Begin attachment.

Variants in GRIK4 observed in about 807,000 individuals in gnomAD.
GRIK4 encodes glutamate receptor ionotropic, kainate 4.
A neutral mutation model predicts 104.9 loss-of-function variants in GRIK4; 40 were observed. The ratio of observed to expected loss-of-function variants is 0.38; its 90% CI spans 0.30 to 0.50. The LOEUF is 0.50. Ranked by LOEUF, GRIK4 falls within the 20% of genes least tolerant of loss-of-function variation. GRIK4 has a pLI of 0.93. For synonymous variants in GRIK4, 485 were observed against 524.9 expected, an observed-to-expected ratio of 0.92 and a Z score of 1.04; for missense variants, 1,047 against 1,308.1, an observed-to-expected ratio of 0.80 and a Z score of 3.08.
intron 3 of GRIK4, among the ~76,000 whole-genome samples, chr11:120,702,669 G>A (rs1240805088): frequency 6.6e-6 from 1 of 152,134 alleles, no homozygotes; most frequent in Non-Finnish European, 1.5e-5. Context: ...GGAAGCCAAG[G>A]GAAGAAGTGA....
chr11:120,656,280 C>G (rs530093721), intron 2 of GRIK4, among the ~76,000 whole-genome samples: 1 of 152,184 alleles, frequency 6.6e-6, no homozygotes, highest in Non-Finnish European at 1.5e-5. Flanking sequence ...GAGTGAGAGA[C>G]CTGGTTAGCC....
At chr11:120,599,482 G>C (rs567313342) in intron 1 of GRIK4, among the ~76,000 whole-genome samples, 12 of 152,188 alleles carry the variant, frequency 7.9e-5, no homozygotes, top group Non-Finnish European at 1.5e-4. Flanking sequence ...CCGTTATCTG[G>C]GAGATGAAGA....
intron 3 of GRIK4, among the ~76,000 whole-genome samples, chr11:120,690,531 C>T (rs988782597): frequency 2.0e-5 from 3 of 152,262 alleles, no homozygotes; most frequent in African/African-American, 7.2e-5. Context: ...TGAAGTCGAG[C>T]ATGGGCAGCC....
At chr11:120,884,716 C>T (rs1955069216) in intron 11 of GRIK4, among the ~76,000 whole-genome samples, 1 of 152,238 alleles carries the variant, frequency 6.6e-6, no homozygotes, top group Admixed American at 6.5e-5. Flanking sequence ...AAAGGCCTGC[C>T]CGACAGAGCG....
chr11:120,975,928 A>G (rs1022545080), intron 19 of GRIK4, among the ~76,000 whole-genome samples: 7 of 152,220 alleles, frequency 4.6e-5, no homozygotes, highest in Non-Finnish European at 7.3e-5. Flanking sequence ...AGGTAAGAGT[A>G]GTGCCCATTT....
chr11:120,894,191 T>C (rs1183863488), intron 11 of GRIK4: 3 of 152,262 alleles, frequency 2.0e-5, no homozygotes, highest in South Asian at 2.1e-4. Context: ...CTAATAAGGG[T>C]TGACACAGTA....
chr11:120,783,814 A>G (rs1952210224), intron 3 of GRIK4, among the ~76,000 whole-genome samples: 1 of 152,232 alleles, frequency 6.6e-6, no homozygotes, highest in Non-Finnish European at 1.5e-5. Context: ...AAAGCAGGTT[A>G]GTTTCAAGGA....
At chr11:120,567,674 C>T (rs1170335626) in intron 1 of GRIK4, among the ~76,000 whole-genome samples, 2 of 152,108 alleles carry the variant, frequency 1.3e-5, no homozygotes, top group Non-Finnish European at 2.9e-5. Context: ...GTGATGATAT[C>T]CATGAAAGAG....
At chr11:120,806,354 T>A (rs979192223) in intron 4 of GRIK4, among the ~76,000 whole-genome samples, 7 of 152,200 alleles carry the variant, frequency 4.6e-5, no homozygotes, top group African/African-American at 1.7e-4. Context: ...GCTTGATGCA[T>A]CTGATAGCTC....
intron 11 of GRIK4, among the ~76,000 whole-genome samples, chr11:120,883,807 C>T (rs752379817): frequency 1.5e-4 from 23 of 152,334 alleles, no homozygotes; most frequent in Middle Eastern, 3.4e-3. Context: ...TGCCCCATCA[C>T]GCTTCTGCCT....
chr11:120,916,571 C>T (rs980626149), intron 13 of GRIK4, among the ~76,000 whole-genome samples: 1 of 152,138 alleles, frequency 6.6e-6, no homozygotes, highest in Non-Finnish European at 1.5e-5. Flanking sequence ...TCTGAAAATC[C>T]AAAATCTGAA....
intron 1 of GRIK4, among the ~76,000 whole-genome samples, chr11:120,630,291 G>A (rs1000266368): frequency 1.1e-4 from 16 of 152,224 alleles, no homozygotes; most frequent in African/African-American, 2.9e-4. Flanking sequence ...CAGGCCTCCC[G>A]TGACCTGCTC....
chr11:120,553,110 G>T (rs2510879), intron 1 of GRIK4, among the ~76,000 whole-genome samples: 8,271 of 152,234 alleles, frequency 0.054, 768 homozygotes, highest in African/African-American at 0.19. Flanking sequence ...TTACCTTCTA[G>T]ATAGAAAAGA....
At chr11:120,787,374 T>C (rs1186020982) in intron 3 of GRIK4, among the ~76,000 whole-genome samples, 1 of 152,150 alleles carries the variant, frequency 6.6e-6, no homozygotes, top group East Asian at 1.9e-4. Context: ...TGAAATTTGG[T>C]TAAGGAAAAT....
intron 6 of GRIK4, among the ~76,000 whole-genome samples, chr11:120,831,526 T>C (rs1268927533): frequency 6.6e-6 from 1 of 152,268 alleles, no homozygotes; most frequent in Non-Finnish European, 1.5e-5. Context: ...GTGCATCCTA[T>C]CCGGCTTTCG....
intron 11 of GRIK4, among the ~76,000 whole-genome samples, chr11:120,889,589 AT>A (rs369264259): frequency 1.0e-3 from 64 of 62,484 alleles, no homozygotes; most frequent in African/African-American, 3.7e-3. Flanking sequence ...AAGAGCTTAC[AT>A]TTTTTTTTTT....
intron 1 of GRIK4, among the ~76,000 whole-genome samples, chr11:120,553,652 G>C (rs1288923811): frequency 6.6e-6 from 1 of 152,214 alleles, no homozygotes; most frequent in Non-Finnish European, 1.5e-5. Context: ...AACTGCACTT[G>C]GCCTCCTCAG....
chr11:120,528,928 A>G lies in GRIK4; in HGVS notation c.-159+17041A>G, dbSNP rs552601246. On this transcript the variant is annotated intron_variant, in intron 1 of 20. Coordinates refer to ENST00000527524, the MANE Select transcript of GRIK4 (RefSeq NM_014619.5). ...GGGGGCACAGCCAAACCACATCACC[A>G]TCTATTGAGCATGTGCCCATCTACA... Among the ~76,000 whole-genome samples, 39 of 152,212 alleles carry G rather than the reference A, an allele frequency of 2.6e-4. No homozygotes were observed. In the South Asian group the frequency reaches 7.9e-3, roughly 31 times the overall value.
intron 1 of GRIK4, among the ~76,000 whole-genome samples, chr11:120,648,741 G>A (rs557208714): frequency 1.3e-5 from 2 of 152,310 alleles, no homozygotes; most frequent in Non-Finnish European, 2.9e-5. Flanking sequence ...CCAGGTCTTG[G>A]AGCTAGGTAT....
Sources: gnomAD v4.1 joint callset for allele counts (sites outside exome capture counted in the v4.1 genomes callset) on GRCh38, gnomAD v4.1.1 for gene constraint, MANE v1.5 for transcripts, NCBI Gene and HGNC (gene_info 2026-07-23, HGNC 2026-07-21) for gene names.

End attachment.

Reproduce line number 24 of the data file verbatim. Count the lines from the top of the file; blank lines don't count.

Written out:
Sources: gnomAD v4.1 joint callset for allele counts (sites outside exome capture counted in the v4.1 genomes callset) on GRCh38, gnomAD v4.1.1 for gene constraint, MANE v1.5 for transcripts, NCBI Gene and HGNC (gene_info 2026-07-23, HGNC 2026-07-21) for gene names.